Why do we think this is the new Moto X headed for AT&T? Well, it sports all of AT&T’s bands, from GSM (850/1900) to LTE (2, 4, 5, 7, 17). And that’s almost all that we have to go on, since this filing actually hides other details of the device. The thing is – what other device could it be? Motorola is going to unveil the new Moto X next week in Chicago, so an FCC filing for the phone ahead of time only makes sense.

The image above gives us measurements as well, numbers that point to a device that is similarly sized to the Galaxy S5. The FCC measurements indicate that this Motorola phone is 140×72.6mm – the Galaxy S5 is 142×72.5mm. The new Moto X is expected to sport a 5.2-inch display, with much less bezel than the GS5, which would certainly put them around the same size, even with a slightly larger display on the new Moto.

Edit:  Since many are assuming that the FCC’s measurement of 149mm across the display screen means a 5.9-inch display on the phone, I’ll have to stop you there. Keep in mind that the LG G3 has a 5.5-inch display with minimal bezel, yet it measures 146.3×74.6mm. There is no way that the new Moto X can measure 140×72.6mm, yet have a display that is .4-inches bigger than the LG G3. It’s just not possible. The FCC filing is likely just misrepresenting the situation here a bit by putting “display screen” on the image to indicate that this is the front of the phone. These measurements are for the entire phone, not just the display.

We should point out that the FCC label and model number appears to be located on the bottom of the phone, something we can confirm as being true for the new Moto X. Information we have received from sources leads us to believe that the back of the new Moto X will be clean, without FCC markings.

Other variants of the device for other carriers have yet to appear. Once those do, we will be sure to pass that info along.

moto x fcc

moto x fcc1

Via:  FCC
Cheers Justin!

Mystery Motorola Device Stops by FCC, Likely New Moto X Headed for AT&T is a post from: Droid Life

AT&T One Mini gets updated with Sense 6

Posted by wicked August - 29 - 2014 - Friday Comments Off

Ending the chapter of HTC’s Sense 6 rollout, AT&T has officially released a firmware update that will bring HTC’s latest custom Android UI to last year’s One Mini. With Android 4.4 already in its belt, this latest Sense update lets HTC’s 2013 mini flagship stand head to head with the newer One mini 2, at least in terms of software features.

Sense 6.0 brings a variety of changes across the board, but the most immediate ones will be the color coded themes. This will let users easily identify HTC apps simply based on their colors, like orange for music, blue for calendar, and black for settings. BlinkFeed has also been enhanced to use continuous scrolling for browsing and has also been relocated to a side panel for easy access even as it stays out of the way when you don’t need it. Other HTC apps have similarly been updated, like the Camera’s new Zoe mode or Sense TV’s fresh new look.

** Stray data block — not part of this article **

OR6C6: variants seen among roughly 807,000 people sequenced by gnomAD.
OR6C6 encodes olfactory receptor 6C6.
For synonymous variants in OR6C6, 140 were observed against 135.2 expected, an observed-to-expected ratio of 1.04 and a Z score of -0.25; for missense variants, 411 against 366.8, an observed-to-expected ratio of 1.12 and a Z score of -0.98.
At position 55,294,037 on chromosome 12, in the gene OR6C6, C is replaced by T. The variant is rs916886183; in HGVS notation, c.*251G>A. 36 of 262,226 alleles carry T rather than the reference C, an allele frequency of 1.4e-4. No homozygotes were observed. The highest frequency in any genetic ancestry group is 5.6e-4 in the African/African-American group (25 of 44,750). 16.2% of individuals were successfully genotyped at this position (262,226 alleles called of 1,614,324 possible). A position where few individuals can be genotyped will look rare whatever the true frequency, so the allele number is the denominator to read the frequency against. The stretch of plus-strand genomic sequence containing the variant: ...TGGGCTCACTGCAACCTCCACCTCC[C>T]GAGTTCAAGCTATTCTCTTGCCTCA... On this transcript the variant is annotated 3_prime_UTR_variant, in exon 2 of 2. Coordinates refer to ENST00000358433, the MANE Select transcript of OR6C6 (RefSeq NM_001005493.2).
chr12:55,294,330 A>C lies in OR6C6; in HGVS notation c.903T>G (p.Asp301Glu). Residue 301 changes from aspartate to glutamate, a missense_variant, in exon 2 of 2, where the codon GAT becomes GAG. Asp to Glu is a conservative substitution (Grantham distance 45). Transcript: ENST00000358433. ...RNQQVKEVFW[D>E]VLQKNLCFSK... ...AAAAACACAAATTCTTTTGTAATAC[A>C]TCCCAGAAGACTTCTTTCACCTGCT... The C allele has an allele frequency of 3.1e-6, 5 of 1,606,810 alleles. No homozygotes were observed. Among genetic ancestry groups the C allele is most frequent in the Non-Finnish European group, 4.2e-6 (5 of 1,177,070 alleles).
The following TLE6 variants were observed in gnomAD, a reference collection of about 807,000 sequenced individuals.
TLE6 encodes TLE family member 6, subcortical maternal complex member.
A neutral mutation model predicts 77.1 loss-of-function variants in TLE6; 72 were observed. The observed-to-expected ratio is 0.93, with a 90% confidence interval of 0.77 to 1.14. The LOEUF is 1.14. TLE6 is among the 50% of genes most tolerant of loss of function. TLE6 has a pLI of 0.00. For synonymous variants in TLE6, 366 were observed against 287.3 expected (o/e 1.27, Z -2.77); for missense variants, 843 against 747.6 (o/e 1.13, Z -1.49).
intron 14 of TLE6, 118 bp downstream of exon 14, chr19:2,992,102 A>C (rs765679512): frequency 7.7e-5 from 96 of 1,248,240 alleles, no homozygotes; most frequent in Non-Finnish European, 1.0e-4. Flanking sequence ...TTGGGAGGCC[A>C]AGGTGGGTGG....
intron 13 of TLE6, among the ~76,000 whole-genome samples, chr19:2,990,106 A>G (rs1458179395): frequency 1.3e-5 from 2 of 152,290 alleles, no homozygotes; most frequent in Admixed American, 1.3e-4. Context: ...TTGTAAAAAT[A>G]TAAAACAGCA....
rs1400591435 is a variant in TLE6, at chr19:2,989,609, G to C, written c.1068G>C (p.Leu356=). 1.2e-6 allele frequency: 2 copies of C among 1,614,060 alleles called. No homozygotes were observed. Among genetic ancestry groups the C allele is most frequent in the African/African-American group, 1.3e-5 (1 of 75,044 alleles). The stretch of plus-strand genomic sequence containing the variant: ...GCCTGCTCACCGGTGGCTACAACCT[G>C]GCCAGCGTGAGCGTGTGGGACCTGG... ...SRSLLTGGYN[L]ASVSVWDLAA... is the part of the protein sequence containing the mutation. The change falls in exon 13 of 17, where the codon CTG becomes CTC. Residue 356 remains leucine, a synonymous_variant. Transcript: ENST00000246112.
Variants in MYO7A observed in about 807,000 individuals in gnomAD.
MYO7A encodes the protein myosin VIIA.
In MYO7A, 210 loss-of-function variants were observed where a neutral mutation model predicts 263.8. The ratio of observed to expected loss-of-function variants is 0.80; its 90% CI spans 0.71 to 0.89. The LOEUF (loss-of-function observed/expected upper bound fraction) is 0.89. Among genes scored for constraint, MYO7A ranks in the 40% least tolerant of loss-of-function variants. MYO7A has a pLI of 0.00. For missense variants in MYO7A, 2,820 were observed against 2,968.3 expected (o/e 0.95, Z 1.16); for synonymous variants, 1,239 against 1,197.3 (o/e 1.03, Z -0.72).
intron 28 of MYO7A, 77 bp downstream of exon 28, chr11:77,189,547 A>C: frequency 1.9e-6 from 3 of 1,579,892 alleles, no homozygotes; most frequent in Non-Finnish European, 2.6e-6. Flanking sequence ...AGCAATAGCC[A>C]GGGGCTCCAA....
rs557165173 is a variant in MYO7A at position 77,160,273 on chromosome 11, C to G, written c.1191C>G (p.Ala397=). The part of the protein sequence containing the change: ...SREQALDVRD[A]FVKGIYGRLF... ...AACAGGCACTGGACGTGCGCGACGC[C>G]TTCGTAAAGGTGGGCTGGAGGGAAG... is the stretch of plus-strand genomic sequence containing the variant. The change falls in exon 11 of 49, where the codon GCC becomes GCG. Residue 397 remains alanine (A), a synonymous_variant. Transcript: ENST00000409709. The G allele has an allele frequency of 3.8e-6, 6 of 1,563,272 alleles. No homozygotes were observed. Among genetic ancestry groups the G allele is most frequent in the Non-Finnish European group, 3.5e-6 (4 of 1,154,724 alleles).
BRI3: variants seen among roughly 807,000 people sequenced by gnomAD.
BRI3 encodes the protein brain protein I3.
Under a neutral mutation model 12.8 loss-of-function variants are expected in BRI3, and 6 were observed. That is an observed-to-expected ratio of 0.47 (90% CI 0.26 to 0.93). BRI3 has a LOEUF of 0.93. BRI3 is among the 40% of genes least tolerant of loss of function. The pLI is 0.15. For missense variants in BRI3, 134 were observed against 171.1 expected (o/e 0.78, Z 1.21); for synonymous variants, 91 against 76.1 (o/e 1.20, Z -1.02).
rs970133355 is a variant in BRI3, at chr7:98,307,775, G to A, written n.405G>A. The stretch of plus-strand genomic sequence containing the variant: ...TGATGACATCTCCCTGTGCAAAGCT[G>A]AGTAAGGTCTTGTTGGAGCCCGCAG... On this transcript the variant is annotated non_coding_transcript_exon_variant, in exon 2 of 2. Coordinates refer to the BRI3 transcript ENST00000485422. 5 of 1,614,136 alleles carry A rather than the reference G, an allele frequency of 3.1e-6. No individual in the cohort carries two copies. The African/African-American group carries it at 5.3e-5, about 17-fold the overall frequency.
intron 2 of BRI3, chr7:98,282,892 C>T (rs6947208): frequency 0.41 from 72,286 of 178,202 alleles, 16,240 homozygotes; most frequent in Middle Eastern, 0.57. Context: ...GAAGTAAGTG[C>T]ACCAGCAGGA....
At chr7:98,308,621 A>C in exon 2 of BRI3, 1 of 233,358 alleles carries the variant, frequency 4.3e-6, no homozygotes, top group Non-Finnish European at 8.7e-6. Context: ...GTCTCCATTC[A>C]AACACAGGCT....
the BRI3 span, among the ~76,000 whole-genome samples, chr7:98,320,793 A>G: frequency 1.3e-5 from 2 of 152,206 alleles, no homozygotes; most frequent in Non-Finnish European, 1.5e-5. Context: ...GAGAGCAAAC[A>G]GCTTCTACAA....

Along with these HTC-specific changes, AT&T is also pushing out some of its own, in particular the addition or update of pre-installed apps (a.k.a. bloatware) like AT&T Addressbook, Uber, Yahoo Mail, and Ready to Go.

All in all the, update is noted to come at a large 550 MB size, so a stable Internet connection and ample storage space will be required. Although the update shouldn’t be invasive or destructive, it wouldn’t hurt to make a backup of important files. Users will be able to manually check for the update from Android’s Settings app. Once the update has been successful, the Software Version number on your device should now be 4.13.502.3.

SOURCE: AT&T

AT&T halts Android 4.4.3 update for HTC One (M8), severe battery drain to blame

Posted by wicked August - 29 - 2014 - Friday Comments Off

LG G3 Vs HTC One M8-52

AT&T has halted updates to the HTC One (M8) just a short time after pushing it live. Users began receiving Android 4.4.3 recently, but an outcry of battery drain concerns have convinced AT&T to stop the update for review.

Although most users expected Android 4.4.4, HTC took all the important security fixes and lumped them into their Android 4.4.3 update for the HTC One (M8). Other than the Android fixes, HTC included extra optimization for Bluetooth, cellular connectivity and WiFi.

Also in the now delayed update are a few app updates to the Camera and Gallery apps, Power History inclusion to the Settings menu, improvements to the HTC Sync Manager, and some tweaks to BoomSound, Motion Launch and Quick settings.

htc one m8 press

The equivalent update has already pushed out to Sprint, T-Mobile and many European owners of the HTC One (M8) and Verizon users are expected to see the update soon as well. Expected in the update for Verizon will be HTC’s take on extreme power saving, promising to deliver up to 8 hours for each 1% of battery discharge.

AT&T has not mentioned how long it will take to get the Android 4.4.3 update back on track. Hopefully they can knock out this battery drain bug soon, and that users do not have to wait for the Android L release update to see changes. On the flip side, AT&T has not made mention what plans there are to help users that have already seen the update and are suffering from rapid battery drain.

Have you received the Android 4.4.3 update for your AT&T HTC One (M8) – how has your battery life been?


Via: Android Central;
Source: Phone Arena;

AT&T LG G3 Vigor user guide leaks online

Posted by wicked August - 28 - 2014 - Thursday Comments Off

LG_G3_Vigor_User_Manual_AT&T

A couple of weeks ago, we learned that the LG G3 S would be renamed to the G3 Vigor for Sprint, but it appears AT&T is getting the device as well. In fact, the user guide has leaked online. The model is D725 (Sprint is LS885) and it features a 5-inch IPS LCD 720p (1280 x 720) display, a 1.2 GHz quad-core Snapdragon 400 processor, 1 GB of RAM, 8 GB of internal storage, 8 MP rear camera, 2 MP front-facing camera, 2,540 mAh battery, and Android 4.4.2. You can download the English manual from the link below.

Download Manual

source: MyLGPhones